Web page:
Spell Blind – Snippet 23

Spell Blind – Snippet 23

Chapter 13

Often on the cusp of a phasing, my dreams become fragmented to the point of incoherence, as if the insanity that’s about to be brought on by the moon has crept into my sleep. But not this night.

All night long I dreamed of the red sorcerer, and in every dream he was tracking me, hunting me down. I’d wake from one dream, fall back asleep, and slip right into another; my mind was like a flat stone skipping along the surface of a pond. At one point I dreamed that I was back in the monument with Billie, running along a dried river bed, leading her, pulling her by the hand. I kept staring back over my shoulder, expecting to see the red sorcerer. I could feel him behind us, and as much as I wanted to get away, to get Billie away, I also wanted to see his face, to find out who he was.

We reached a bend in the riverbed, and I hesitated, though now Billie tugged at my hand, trying to get me to run on. She said something to me that I didn’t hear, and I turned to her. And as I did, I saw her eyes widen at something she could see past my shoulder. She screamed, and I spun to look.

Which, of course, is when the phone rang, waking me from the dream. I groped for the receiver, missed it the first time, got it the second.

“Fearsson,” I mumbled.

“Sleeping late, I see,” Kona said. “You alone, or did you have another date?”

I grunted a laugh. “Both.”

“Good. What do you have for me?”

“So much for the social niceties.”

“You’re lucky you got as much as you did. I’m having a bad day, partner. It’s not even nine o’clock and my day’s shot to hell.”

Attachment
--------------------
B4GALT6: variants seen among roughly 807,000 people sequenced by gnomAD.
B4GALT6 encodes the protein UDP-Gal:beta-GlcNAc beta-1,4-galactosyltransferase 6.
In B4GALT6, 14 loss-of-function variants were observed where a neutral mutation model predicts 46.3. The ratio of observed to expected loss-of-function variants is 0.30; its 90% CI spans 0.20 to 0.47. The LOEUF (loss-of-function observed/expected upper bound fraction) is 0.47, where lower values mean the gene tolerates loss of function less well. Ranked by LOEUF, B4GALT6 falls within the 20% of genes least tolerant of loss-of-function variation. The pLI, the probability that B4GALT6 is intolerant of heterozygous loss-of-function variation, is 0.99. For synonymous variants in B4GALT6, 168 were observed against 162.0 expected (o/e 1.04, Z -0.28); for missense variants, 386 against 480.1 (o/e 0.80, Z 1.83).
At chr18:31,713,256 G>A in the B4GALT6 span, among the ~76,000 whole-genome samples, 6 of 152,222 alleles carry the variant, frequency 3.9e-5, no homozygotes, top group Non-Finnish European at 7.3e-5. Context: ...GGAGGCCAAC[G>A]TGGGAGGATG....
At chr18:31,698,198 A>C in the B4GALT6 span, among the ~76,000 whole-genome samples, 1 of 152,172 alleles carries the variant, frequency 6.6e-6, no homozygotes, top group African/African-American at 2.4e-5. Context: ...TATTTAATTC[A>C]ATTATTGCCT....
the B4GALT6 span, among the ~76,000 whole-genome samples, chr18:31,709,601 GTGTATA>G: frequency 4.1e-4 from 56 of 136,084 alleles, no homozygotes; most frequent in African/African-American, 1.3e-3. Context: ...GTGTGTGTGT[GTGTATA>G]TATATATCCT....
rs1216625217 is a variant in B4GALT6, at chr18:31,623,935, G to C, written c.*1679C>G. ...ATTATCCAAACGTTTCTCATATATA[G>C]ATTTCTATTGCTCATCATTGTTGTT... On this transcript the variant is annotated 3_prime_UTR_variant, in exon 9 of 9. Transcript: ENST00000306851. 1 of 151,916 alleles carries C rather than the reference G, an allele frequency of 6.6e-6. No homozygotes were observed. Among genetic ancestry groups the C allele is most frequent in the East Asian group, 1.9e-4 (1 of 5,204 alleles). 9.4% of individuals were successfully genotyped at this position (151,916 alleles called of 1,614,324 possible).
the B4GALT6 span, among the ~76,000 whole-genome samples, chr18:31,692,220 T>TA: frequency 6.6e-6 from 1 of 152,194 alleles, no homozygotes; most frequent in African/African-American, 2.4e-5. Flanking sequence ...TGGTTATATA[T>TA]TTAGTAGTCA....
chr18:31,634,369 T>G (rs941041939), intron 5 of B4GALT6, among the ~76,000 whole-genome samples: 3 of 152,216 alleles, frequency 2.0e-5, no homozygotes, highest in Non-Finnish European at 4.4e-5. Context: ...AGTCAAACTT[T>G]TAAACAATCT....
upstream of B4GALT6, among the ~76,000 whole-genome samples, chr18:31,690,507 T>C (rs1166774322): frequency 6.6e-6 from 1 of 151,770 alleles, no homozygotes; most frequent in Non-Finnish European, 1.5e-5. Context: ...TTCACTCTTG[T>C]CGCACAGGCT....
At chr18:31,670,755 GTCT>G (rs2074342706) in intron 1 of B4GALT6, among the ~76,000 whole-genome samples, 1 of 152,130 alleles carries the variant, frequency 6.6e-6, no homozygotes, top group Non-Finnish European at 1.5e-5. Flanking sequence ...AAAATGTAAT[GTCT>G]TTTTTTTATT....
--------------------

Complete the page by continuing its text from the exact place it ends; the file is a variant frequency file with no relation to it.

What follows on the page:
I sat up, running a hand through my tangled hair. “Tell me. Maybe I can help.”

“It’s nothing you don’t already know. Gann is being arraigned right now, and I’ve got no way of proving to Hibbard or Arroyo or anyone else that he’s innocent.”

Right. “I’ll see what else I can find,” I said, forcing myself awake. “I didn’t get much from Q or Luis, but there’s another place I can go today.”

“We don’t have much time.”

I chuckled humorlessly. “Don’t I know it.”

“Meaning what?”

“Meaning that our friend has taken a particular interest in me. I don’t know why; I guess he knows I’m after him. But he’s taken the measure of my warding three times now and–”

“You’ve lost me, partner. It’s that mumbo-jumbo stuff again.”

“Sorry. He’s been testing me in a way, and he’s done it three times, which in magical circles basically means that he owns me. The next time, if he wants to hurt me, or kill me, or turn me into a toad, he can pretty much have his way.”

“And you’re guessing it won’t be the toad thing.”

I grinned, despite the tightness in my gut. “Yeah, something like that.”

“Well then, watch yourself,” she said.

“I will.”

I hung up, showered, and was soon on my way back to Mesa. There was a small park near Falcon Field where I knew other weremystes would be gathered today in anticipation of the full moon. The drive was as slow as one would expect on a weekday morning, and by the time I was parking the Z-ster I could see the crowd gathered among the small tents and plywood stalls.